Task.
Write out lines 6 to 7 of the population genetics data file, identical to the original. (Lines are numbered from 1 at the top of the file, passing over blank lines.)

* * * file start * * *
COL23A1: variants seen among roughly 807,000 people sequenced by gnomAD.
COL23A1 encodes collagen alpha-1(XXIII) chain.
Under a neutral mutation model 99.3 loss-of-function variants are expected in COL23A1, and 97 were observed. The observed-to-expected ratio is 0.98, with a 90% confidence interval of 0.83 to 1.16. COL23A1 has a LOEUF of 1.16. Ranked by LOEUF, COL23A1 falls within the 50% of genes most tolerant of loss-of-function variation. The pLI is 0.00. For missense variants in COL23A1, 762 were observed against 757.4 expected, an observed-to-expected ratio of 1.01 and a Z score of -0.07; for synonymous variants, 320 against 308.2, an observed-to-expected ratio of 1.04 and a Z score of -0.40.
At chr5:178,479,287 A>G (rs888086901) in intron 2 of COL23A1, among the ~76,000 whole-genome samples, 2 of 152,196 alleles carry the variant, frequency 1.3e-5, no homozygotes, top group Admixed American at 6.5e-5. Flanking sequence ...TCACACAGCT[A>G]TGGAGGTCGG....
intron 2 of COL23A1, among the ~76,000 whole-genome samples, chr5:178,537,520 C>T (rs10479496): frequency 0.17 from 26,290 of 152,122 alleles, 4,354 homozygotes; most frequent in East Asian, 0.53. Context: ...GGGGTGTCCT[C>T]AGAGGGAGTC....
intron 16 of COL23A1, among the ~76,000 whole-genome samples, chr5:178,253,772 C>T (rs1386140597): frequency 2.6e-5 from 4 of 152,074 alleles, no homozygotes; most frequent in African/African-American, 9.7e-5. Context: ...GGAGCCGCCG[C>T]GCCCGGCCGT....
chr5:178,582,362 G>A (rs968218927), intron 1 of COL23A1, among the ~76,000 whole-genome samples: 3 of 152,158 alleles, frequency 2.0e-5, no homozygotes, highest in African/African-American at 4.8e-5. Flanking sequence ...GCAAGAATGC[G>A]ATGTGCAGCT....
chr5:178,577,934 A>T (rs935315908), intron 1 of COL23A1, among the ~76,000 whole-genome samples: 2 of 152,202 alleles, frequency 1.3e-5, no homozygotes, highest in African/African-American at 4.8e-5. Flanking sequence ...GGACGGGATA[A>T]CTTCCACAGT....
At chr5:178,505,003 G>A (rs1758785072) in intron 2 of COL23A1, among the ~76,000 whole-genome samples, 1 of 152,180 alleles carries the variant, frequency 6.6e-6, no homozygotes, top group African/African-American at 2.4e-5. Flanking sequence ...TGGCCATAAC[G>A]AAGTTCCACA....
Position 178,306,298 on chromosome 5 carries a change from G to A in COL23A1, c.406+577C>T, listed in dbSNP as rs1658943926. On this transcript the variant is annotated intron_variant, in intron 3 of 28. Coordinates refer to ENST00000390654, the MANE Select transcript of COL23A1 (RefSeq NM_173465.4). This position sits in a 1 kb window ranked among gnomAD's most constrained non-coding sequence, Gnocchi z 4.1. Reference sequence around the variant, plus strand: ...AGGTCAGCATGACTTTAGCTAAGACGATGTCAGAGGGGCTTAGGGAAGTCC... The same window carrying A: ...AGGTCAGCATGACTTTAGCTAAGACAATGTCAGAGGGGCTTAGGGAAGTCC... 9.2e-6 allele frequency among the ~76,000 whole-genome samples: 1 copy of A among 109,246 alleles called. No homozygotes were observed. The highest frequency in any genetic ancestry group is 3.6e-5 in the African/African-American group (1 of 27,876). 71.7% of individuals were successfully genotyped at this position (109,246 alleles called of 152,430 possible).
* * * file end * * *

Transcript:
intron 16 of COL23A1, among the ~76,000 whole-genome samples, chr5:178,253,772 C>T (rs1386140597): frequency 2.6e-5 from 4 of 152,074 alleles, no homozygotes; most frequent in African/African-American, 9.7e-5. Context: ...GGAGCCGCCG[C>T]GCCCGGCCGT....
chr5:178,582,362 G>A (rs968218927), intron 1 of COL23A1, among the ~76,000 whole-genome samples: 3 of 152,158 alleles, frequency 2.0e-5, no homozygotes, highest in African/African-American at 4.8e-5. Flanking sequence ...GCAAGAATGC[G>A]ATGTGCAGCT....